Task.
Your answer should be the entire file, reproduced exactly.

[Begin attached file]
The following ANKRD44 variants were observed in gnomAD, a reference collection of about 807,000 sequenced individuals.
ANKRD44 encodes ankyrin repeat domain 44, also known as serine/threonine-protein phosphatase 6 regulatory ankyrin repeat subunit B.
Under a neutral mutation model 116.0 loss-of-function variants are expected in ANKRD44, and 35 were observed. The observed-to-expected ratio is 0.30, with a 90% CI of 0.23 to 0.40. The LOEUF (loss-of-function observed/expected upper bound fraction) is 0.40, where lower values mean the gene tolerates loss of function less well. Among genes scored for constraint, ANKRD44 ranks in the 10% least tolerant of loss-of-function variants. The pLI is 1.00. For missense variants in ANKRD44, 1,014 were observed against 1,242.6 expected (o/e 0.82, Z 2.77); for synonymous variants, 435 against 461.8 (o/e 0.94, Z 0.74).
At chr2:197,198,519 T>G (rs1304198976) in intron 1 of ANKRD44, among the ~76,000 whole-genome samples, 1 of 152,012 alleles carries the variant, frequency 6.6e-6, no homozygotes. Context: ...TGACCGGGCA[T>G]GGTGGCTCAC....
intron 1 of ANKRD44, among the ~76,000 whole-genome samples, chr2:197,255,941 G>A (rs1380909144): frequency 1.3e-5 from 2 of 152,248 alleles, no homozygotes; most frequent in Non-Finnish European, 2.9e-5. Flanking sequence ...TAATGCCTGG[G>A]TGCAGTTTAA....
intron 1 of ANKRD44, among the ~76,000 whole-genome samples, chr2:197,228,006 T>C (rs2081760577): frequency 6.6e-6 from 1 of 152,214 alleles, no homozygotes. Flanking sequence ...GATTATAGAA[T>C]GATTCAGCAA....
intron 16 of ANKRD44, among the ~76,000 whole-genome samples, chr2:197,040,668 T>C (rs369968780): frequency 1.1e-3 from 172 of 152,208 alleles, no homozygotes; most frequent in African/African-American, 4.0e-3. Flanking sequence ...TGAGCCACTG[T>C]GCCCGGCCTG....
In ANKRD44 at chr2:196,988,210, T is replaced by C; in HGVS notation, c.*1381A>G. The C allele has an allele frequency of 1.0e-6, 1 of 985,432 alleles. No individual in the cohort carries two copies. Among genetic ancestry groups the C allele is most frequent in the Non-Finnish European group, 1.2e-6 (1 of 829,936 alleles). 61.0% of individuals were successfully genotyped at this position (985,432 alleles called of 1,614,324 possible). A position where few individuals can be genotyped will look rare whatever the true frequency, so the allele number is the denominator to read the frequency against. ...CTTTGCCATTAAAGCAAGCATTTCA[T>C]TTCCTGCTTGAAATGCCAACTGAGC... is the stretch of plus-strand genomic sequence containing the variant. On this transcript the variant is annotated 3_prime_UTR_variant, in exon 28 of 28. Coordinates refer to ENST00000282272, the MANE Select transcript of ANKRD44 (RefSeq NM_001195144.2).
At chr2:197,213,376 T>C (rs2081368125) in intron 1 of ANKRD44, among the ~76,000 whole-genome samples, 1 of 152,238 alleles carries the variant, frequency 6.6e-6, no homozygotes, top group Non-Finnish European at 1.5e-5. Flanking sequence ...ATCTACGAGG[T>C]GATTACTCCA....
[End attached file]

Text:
The following ANKRD44 variants were observed in gnomAD, a reference collection of about 807,000 sequenced individuals.
ANKRD44 encodes ankyrin repeat domain 44, also known as serine/threonine-protein phosphatase 6 regulatory ankyrin repeat subunit B.
Under a neutral mutation model 116.0 loss-of-function variants are expected in ANKRD44, and 35 were observed. The observed-to-expected ratio is 0.30, with a 90% CI of 0.23 to 0.40. The LOEUF (loss-of-function observed/expected upper bound fraction) is 0.40, where lower values mean the gene tolerates loss of function less well. Among genes scored for constraint, ANKRD44 ranks in the 10% least tolerant of loss-of-function variants. The pLI is 1.00. For missense variants in ANKRD44, 1,014 were observed against 1,242.6 expected (o/e 0.82, Z 2.77); for synonymous variants, 435 against 461.8 (o/e 0.94, Z 0.74).
At chr2:197,198,519 T>G (rs1304198976) in intron 1 of ANKRD44, among the ~76,000 whole-genome samples, 1 of 152,012 alleles carries the variant, frequency 6.6e-6, no homozygotes. Context: ...TGACCGGGCA[T>G]GGTGGCTCAC....
intron 1 of ANKRD44, among the ~76,000 whole-genome samples, chr2:197,255,941 G>A (rs1380909144): frequency 1.3e-5 from 2 of 152,248 alleles, no homozygotes; most frequent in Non-Finnish European, 2.9e-5. Flanking sequence ...TAATGCCTGG[G>A]TGCAGTTTAA....
intron 1 of ANKRD44, among the ~76,000 whole-genome samples, chr2:197,228,006 T>C (rs2081760577): frequency 6.6e-6 from 1 of 152,214 alleles, no homozygotes. Flanking sequence ...GATTATAGAA[T>C]GATTCAGCAA....
intron 16 of ANKRD44, among the ~76,000 whole-genome samples, chr2:197,040,668 T>C (rs369968780): frequency 1.1e-3 from 172 of 152,208 alleles, no homozygotes; most frequent in African/African-American, 4.0e-3. Flanking sequence ...TGAGCCACTG[T>C]GCCCGGCCTG....
In ANKRD44 at chr2:196,988,210, T is replaced by C; in HGVS notation, c.*1381A>G. The C allele has an allele frequency of 1.0e-6, 1 of 985,432 alleles. No individual in the cohort carries two copies. Among genetic ancestry groups the C allele is most frequent in the Non-Finnish European group, 1.2e-6 (1 of 829,936 alleles). 61.0% of individuals were successfully genotyped at this position (985,432 alleles called of 1,614,324 possible). A position where few individuals can be genotyped will look rare whatever the true frequency, so the allele number is the denominator to read the frequency against. ...CTTTGCCATTAAAGCAAGCATTTCA[T>C]TTCCTGCTTGAAATGCCAACTGAGC... is the stretch of plus-strand genomic sequence containing the variant. On this transcript the variant is annotated 3_prime_UTR_variant, in exon 28 of 28. Coordinates refer to ENST00000282272, the MANE Select transcript of ANKRD44 (RefSeq NM_001195144.2).
At chr2:197,213,376 T>C (rs2081368125) in intron 1 of ANKRD44, among the ~76,000 whole-genome samples, 1 of 152,238 alleles carries the variant, frequency 6.6e-6, no homozygotes, top group Non-Finnish European at 1.5e-5. Flanking sequence ...ATCTACGAGG[T>C]GATTACTCCA....